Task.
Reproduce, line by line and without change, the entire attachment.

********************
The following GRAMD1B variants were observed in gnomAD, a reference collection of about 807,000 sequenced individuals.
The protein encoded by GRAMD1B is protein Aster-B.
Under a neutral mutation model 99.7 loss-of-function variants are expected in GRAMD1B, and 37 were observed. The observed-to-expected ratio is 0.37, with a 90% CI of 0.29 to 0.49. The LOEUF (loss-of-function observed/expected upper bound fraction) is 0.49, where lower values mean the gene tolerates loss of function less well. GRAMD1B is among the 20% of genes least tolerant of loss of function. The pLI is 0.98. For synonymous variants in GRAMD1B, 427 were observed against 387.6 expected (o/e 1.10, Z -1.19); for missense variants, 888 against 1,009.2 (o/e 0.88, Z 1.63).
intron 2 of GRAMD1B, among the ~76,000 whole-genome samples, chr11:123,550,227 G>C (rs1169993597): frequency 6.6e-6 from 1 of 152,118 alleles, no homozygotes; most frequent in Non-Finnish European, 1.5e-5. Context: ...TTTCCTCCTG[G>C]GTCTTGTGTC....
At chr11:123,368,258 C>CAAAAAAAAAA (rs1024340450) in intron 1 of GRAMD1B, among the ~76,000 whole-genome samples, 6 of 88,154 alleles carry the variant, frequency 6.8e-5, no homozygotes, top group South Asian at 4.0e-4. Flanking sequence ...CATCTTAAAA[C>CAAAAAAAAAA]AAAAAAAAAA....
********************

The following GRAMD1B variants were observed in gnomAD, a reference collection of about 807,000 sequenced individuals.
The protein encoded by GRAMD1B is protein Aster-B.
Under a neutral mutation model 99.7 loss-of-function variants are expected in GRAMD1B, and 37 were observed. The observed-to-expected ratio is 0.37, with a 90% CI of 0.29 to 0.49. The LOEUF (loss-of-function observed/expected upper bound fraction) is 0.49, where lower values mean the gene tolerates loss of function less well. GRAMD1B is among the 20% of genes least tolerant of loss of function. The pLI is 0.98. For synonymous variants in GRAMD1B, 427 were observed against 387.6 expected (o/e 1.10, Z -1.19); for missense variants, 888 against 1,009.2 (o/e 0.88, Z 1.63).
intron 2 of GRAMD1B, among the ~76,000 whole-genome samples, chr11:123,550,227 G>C (rs1169993597): frequency 6.6e-6 from 1 of 152,118 alleles, no homozygotes; most frequent in Non-Finnish European, 1.5e-5. Context: ...TTTCCTCCTG[G>C]GTCTTGTGTC....
At chr11:123,368,258 C>CAAAAAAAAAA (rs1024340450) in intron 1 of GRAMD1B, among the ~76,000 whole-genome samples, 6 of 88,154 alleles carry the variant, frequency 6.8e-5, no homozygotes, top group South Asian at 4.0e-4. Flanking sequence ...CATCTTAAAA[C>CAAAAAAAAAA]AAAAAAAAAA....